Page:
19 There is no evidence to suggest that the Document was submitted in response to an invitation to the appellant to submit new information of that kind. Rather, it appears that the submission referring to the Document was sent to the Authority as a request for its consideration as new information. Accordingly, there were two matters for the Authority to consider. First, whether it would exercise its discretion to 'get' the Document as new information. Second whether it was satisfied as to the matters specified in s 473DD such that the prohibition on the consideration of the information did not apply. These matters did not need to be considered in that order because there would be no point in the Authority receiving the Document if it was not satisfied as to the matters stated in s 473DD that had to be met before it could consider the information.
20 In effect, one of the matters that could be relevant to the discretion to be exercised under s 473DC was whether it would be possible for the new information to be considered if it was obtained by the Authority. In that regard, I note that the determination as to whether there are exceptional circumstances invites a consideration of all circumstances that bear upon whether the new information is out of the ordinary: Minister for Immigration and Border Protection v BBS16  FCAFC 176; (2017) 257 FCR 111 at  (Kenny, Tracey and Griffiths JJ). The credibility of information may be considered as part of the process of evaluating whether there are exceptional circumstances: DLB17 v Minister for Home Affairs  FCAFC 230 at  (McKerracher, Barker and Banks-Smith JJ). Likewise, the degree of relevance. No doubt it is commonplace for there to be a considerable amount of information that was not before the Minister including information as to subsequent events that may have some degree of relevance to the claims raised by the visa applicant. As the Authority must be satisfied that the circumstances are exceptional, the degree of relevance of the new information is a matter that may bear upon whether the Authority reaches the requisite state of satisfaction.
21 Importantly, new information must be information that was not before the Minister when the original decision was made and must be information that the Authority considers may be relevant: see s 473DC(1)(b). So, possible relevance of the information for the purpose of enlivening the discretion to get the information was a matter to be adjudged by the Authority. The Authority was both the repository of the fact-finding task for the purpose of determining whether information was relevant (and therefore new information) as well as for reaching the required state of satisfaction as to whether there were exceptional circumstances.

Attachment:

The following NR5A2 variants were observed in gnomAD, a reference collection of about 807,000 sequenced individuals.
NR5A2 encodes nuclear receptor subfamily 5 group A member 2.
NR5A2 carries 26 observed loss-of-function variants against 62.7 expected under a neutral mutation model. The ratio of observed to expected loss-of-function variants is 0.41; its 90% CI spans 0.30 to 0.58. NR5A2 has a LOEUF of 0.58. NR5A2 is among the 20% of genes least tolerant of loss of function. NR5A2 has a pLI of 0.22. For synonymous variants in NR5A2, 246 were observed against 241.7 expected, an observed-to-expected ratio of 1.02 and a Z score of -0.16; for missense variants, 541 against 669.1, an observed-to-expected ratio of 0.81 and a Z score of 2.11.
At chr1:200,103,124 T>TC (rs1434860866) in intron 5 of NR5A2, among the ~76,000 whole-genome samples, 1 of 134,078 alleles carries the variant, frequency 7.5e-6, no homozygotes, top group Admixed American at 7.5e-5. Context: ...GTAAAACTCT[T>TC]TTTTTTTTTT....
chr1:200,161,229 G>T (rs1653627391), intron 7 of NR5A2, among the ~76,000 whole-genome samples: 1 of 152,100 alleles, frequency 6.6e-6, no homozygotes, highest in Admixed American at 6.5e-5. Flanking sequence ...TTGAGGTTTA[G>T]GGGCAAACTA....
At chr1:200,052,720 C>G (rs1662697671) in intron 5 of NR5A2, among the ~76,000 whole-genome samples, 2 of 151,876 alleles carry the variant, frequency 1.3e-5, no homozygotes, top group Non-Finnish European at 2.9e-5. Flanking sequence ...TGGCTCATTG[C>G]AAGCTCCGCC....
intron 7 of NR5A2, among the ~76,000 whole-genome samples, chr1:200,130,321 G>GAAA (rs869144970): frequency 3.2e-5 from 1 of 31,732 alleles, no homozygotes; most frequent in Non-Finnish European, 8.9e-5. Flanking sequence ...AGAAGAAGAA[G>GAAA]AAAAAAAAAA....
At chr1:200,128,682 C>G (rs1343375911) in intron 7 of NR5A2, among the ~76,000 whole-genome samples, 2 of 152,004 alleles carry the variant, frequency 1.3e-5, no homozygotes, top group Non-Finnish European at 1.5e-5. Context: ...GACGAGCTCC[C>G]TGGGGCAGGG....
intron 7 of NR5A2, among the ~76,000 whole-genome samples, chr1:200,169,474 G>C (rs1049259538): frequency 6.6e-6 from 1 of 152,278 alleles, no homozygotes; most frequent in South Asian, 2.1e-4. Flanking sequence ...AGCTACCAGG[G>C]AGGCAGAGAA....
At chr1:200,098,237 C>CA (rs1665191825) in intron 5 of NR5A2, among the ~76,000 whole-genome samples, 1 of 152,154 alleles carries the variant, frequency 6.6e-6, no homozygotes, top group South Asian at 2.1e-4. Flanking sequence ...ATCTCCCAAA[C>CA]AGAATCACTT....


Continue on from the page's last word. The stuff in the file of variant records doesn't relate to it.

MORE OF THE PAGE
22 The Authority referred to the Document as a 'report'. It reasoned as follows concerning the Document (para 12):
The submission states that the report is very new information that could not have been provided before the decision, and that the applicant's fears of detention at the airport for being a Tamil and a returning asylum seeker have been exacerbated by the recent actions of Brigadier Fernando, which are described in the report. The report is that the Brigadier, a Sri Lankan Army officer posted to London, made a throat slitting gesture to Tamil protesters outside the Sri Lankan High Commission in London, and goes on to discuss the Sri Lankan vetting process for public and security officers, and to provide a career history for the Brigadier. Although both documents post-date the delegate's decision, and therefore could not have been provided prior to the decision, it is not apparent how the letter and country information report otherwise support the applicant's claims for protection. I am not satisfied there are exceptional circumstances to justify considering the information.
23 The logic of the Authority's reasoning involved a number of aspects. First, it recognised that the Document could not have been provided before the decision. Second, it summarised the main aspects of the Document. Third, it accurately described the submission made for the appellant about the relevance of the Document as being that the appellant's fears about returning to Sri Lanka have been exacerbated by the recent actions of Brigadier Fernando. Fourth, it concluded that it is not apparent how the Document 'otherwise' supports the claim for protection. In context, this appears to be a statement that it is not apparent how the Document supports the appellant's claim beyond exacerbating his fear of harm as a Tamil and returning asylum seeker if his protection visa application is refused. Fifth, it concluded by stating that the Authority reviewer was not satisfied that there were exceptional circumstances without separately alluding to the basis for reaching that state of satisfaction.